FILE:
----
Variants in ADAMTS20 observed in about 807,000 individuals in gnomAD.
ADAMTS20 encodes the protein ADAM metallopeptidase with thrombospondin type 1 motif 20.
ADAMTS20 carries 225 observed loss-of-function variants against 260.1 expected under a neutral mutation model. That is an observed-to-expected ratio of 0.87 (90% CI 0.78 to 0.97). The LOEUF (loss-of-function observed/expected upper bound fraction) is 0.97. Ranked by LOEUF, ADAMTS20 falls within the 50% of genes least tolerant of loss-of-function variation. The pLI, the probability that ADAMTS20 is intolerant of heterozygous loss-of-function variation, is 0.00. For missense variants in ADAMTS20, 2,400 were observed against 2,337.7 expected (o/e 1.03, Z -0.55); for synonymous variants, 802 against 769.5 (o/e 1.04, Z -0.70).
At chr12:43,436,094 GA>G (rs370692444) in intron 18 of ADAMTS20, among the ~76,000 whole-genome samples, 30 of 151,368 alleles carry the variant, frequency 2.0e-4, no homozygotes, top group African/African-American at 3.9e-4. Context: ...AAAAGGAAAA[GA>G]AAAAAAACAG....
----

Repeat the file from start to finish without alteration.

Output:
Variants in ADAMTS20 observed in about 807,000 individuals in gnomAD.
ADAMTS20 encodes the protein ADAM metallopeptidase with thrombospondin type 1 motif 20.
ADAMTS20 carries 225 observed loss-of-function variants against 260.1 expected under a neutral mutation model. That is an observed-to-expected ratio of 0.87 (90% CI 0.78 to 0.97). The LOEUF (loss-of-function observed/expected upper bound fraction) is 0.97. Ranked by LOEUF, ADAMTS20 falls within the 50% of genes least tolerant of loss-of-function variation. The pLI, the probability that ADAMTS20 is intolerant of heterozygous loss-of-function variation, is 0.00. For missense variants in ADAMTS20, 2,400 were observed against 2,337.7 expected (o/e 1.03, Z -0.55); for synonymous variants, 802 against 769.5 (o/e 1.04, Z -0.70).
At chr12:43,436,094 GA>G (rs370692444) in intron 18 of ADAMTS20, among the ~76,000 whole-genome samples, 30 of 151,368 alleles carry the variant, frequency 2.0e-4, no homozygotes, top group African/African-American at 3.9e-4. Context: ...AAAAGGAAAA[GA>G]AAAAAAACAG....